View Full Version : Leading Newspaper Blasts Indian DGCA

12th Jun 2008, 17:43
The following article appeared in The Hindu - arguably India's best and most respectable newspaper.

A. Ranganathan

Charles Darwin said: “Ignorance more frequently begets confidence than does knowledge”. On May 29, 2008, vide a circular DG/Air Safety 2008, the Director-General of Civil Aviation, who is supposed to be the guardian of flight safety, undid all that a well-thought-out and well-formulated regulation on Flight and Duty Time Limit (FDTL) for pilots issued in August 2007. The Civil Aviation Regulation on FDTL was the culmination of an extensive study carried out by the Joint Director-General of Civil Aviation with his team. The study involved experts from aviation medicine and scientific studies conducted by various aviation safety agencies worldwide.

Indian aviation is suffering from the Dunning-Kruger effect, which is the phenomenon where people with little knowledge (or skill) tend to think they know more than they do. In a series of experiments performed by Justin Kruger and David Dunning of Cornell University, they found that:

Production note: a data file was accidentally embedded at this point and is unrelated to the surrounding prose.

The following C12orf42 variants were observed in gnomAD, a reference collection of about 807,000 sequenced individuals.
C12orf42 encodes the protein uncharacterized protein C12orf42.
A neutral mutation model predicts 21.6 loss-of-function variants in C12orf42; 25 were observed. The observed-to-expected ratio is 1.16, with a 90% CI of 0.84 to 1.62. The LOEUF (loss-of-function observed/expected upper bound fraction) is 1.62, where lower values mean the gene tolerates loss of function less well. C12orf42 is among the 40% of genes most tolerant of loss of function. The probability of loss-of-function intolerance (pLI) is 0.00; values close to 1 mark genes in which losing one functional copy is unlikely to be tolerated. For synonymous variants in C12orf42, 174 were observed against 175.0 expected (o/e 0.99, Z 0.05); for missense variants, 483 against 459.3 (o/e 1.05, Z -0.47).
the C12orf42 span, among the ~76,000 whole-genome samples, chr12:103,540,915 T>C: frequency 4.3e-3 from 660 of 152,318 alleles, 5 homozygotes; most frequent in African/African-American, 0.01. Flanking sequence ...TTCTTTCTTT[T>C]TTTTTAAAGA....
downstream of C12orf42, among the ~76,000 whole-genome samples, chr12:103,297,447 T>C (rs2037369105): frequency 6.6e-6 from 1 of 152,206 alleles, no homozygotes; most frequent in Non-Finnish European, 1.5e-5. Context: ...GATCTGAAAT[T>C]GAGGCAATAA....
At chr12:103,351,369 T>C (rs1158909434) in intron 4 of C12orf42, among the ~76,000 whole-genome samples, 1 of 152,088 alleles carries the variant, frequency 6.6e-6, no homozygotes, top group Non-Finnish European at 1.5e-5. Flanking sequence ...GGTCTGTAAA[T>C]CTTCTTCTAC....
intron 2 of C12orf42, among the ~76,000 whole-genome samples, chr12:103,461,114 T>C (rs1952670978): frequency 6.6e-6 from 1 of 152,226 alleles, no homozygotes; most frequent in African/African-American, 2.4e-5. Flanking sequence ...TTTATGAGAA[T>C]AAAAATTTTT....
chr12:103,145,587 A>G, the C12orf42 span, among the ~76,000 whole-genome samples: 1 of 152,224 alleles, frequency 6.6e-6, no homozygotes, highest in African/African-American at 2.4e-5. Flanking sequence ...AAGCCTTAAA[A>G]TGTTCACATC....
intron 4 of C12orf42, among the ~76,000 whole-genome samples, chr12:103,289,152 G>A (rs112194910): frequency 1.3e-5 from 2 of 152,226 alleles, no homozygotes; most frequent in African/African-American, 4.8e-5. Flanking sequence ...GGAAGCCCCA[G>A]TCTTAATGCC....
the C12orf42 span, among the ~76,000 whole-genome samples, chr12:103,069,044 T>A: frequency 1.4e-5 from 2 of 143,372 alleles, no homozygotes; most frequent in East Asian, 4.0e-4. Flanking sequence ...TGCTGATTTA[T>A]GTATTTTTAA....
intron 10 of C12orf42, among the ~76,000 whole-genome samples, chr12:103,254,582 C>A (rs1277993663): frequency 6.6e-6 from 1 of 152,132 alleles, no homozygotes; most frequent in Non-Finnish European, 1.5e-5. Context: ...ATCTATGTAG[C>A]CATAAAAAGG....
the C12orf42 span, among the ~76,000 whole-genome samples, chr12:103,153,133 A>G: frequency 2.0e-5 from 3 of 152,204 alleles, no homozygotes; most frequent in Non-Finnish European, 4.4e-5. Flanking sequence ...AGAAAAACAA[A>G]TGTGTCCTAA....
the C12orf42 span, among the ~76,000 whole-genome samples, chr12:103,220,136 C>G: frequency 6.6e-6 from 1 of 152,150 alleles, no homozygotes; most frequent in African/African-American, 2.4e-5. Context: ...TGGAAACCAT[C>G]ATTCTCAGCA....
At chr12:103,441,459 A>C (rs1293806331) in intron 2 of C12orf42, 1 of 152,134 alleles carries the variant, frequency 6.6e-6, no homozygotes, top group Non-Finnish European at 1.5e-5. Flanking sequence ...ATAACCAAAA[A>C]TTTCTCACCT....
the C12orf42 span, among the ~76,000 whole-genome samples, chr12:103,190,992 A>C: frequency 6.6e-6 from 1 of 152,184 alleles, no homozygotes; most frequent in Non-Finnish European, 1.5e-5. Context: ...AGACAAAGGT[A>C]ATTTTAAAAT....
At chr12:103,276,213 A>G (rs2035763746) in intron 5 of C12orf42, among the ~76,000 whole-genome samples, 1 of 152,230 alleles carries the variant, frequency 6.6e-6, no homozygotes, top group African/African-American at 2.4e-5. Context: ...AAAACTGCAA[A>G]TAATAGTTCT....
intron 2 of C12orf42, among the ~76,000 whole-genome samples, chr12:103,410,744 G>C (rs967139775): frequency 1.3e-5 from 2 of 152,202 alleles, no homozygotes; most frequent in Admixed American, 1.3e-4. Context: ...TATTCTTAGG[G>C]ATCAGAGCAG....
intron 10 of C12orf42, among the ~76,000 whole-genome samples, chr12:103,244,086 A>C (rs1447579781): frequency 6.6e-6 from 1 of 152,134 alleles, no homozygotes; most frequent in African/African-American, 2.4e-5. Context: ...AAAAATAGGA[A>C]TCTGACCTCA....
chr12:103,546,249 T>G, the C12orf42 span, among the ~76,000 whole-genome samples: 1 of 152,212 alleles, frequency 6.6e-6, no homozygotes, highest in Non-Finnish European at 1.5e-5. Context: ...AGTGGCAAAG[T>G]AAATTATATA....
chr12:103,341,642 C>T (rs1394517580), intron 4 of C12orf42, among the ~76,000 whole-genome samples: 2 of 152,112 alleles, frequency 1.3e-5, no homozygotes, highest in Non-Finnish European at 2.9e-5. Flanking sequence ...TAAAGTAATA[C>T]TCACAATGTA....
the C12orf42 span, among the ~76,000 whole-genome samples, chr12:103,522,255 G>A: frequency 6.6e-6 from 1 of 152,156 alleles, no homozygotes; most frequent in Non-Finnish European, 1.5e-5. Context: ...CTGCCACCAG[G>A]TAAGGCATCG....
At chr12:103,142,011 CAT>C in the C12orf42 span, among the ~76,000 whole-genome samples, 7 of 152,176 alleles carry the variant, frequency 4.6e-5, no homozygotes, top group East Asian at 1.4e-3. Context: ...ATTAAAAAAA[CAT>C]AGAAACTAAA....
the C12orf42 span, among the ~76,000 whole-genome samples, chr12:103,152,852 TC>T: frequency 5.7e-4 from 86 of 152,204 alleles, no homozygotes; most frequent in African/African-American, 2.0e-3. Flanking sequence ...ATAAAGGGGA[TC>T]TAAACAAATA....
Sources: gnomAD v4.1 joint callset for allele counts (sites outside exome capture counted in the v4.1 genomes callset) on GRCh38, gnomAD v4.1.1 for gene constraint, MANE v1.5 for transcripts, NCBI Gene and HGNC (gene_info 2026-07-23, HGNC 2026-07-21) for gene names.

— Incompetent individuals tend to overestimate their own level of skill.

— Incompetent individuals fail to recognise genuine skill in others.

— Incompetent individuals fail to recognise the extremity of their inadequacy.

The Committee on Flight Time Limitations in the United Kingdom provides a useful differentiation of tiredness from fatigue; this underpins how fatigue is understood in this report: “Tiredness resulting from physical or mental effort is a normal experience. Whilst tiredness may develop into fatigue, it differs from it in that a tired person can be quickly aroused to a high level of performance. We have come to consider fatigue as a markedly reduced ability to carry out a task. It is a condition of reduced performance from which there is no certainty that a person can be aroused in an emergency, even when considerable stimulus is present.”

Matter of competence

Take the way the Reserve Bank of India functions. Its policies are not dictated by the Finance Ministry, whose decisions veer more towards vote-bank politics. If the RBI were to follow the performance of the DGCA, the economy would collapse. But the DGCA, a mere puppet in the hands of the Ministry officials, carries out misplaced orders without any thought or reasoning. The first paragraph in the circular describes the way the DGCA functions:

“The competent authority in the Ministry of Civil Aviation has decided to keep the Civil Aviation Regulation CAR 7, Section 7, Flight Crew Standards, Series ‘J’, Part III dated July 27, 2007 in abeyance”